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2. A JUBILEE PRESENT (continued)
"Is your Room of Gold a roomful of sovereigns?"
Raffles laughed softly at my scorn.
"No, Bunny, it's principally in the shape of archaic ornaments, whose value, I admit, is largely extrinsic. But gold is gold, from Phoenicia to Klondike, and if we cleared the room we should eventually do very well."
"I should melt it down into a nugget, and bring it home from the U.S.A. to-morrow."
"Make them pay up in hard cash across the counter of the Bank of England. And you CAN make them."
That I knew, and so said nothing for a time, remaining a hostile though a silent critic, while we paced the cool black leads with our bare feet, softly as cats.
"And how do you propose to get enough away," at length I asked, "to make it worth while?"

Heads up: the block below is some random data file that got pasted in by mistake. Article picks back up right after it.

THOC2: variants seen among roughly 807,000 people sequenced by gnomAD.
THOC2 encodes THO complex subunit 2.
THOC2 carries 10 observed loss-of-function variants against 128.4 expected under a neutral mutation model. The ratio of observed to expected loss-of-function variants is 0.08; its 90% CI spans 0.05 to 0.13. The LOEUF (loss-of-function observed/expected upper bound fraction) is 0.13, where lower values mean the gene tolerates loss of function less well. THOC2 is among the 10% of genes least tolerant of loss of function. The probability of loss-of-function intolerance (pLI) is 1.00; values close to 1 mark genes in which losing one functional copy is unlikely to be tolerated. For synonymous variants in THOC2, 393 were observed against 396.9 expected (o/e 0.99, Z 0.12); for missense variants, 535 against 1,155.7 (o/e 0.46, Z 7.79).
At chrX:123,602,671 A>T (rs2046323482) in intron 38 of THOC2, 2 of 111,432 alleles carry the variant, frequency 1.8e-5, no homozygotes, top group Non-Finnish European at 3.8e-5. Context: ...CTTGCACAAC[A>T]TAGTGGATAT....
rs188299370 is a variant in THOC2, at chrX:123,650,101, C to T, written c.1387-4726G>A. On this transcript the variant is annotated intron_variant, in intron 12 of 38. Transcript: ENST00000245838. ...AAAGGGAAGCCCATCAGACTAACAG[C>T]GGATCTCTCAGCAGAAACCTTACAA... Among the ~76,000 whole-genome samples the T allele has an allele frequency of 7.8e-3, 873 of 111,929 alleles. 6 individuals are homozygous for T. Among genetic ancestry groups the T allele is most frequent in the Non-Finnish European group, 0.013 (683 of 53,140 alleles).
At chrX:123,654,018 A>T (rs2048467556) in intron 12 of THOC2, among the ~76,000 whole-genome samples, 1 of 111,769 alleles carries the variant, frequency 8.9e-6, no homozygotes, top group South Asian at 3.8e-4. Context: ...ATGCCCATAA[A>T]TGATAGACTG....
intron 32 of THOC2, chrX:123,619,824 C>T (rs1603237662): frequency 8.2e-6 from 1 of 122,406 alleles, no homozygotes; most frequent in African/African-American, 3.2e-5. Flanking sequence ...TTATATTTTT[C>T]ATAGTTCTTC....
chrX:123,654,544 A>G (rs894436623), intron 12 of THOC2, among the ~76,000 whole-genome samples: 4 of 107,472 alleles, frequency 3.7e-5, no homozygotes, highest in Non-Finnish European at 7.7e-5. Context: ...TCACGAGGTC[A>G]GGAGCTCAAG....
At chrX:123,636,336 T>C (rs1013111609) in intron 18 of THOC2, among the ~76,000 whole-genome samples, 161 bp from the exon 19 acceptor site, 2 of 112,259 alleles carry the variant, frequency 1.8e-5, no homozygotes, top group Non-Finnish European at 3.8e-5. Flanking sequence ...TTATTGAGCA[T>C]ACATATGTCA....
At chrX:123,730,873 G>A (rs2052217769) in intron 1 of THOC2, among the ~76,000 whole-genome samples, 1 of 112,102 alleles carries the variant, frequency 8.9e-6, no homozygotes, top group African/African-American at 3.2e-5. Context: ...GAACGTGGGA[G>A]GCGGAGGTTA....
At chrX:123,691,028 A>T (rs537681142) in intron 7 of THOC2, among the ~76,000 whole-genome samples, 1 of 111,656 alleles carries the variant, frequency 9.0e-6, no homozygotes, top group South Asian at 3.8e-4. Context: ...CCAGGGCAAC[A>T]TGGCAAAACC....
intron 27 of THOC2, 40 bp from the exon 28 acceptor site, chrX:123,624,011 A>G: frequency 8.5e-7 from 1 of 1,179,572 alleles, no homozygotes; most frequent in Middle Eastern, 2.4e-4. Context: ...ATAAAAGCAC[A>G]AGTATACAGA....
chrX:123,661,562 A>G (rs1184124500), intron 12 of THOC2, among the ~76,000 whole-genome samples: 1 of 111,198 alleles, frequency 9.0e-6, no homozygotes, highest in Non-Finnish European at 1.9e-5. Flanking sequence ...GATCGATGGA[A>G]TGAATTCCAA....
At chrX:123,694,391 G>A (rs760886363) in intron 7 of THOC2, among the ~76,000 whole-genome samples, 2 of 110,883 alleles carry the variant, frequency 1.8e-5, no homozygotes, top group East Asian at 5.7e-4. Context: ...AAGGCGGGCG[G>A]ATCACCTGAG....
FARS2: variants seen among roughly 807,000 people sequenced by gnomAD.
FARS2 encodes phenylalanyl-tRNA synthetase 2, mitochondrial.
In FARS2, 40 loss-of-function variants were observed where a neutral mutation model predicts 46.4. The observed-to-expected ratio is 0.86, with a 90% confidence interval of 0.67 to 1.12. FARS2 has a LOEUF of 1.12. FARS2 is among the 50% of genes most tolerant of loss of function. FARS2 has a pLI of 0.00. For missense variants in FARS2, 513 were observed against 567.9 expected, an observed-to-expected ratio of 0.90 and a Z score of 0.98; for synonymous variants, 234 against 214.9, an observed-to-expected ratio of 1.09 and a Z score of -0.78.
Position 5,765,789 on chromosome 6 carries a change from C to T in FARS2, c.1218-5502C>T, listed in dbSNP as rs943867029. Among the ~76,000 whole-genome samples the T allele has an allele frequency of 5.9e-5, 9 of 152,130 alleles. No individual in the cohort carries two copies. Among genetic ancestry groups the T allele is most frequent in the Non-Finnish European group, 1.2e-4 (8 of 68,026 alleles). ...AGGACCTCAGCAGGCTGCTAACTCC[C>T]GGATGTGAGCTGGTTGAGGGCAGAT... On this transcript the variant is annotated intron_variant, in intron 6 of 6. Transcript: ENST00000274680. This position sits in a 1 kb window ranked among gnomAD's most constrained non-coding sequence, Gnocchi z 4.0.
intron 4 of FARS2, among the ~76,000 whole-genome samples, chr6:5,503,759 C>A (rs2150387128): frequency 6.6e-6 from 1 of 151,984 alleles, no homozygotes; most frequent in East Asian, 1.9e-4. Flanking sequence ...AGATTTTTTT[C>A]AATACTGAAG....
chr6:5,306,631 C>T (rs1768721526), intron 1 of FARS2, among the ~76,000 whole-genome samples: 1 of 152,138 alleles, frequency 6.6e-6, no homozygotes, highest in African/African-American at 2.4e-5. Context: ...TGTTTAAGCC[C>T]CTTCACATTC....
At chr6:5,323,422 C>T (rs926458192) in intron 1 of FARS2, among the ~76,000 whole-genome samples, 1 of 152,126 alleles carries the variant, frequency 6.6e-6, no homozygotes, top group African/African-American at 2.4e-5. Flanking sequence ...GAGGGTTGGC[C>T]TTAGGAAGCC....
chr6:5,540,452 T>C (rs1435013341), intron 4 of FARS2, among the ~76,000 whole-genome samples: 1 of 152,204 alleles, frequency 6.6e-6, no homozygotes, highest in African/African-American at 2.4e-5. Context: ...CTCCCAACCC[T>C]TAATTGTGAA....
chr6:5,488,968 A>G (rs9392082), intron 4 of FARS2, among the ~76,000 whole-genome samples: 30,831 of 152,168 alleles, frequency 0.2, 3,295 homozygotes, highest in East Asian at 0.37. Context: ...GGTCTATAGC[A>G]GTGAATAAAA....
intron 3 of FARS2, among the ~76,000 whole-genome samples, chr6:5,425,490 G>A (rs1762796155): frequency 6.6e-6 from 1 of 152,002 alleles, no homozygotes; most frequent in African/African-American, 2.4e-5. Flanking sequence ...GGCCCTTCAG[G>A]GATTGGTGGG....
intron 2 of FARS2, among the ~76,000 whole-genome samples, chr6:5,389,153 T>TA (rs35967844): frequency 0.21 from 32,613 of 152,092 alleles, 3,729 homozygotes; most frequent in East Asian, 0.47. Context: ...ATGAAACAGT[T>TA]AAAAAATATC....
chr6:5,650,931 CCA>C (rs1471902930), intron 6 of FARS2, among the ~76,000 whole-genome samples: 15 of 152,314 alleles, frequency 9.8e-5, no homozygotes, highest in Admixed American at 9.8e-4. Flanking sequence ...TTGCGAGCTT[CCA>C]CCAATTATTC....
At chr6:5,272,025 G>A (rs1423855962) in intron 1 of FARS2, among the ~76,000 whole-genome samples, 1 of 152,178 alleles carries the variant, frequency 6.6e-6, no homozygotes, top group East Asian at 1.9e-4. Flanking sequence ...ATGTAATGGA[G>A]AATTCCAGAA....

"Ah, there you have it," said Raffles. "I only propose to reconnoitre the ground, to see what we can see. We might find some hiding-place for a night; that, I am afraid, would be our only chance."
"Have you ever been there before?"
"Not since they got the one good, portable piece which I believe that they exhibit now. It's a long time since I read of it--I can't remember where--but I know they have got a gold cup of sorts worth several thousands. A number of the immorally rich clubbed together and presented it to the nation; and two of the richly immoral intend to snaffle it for themselves. At any rate we might go and have a look at it, Bunny, don't you think?"
Think! I seized his arm.
"When? When? When?" I asked, like a quick-firing gun.
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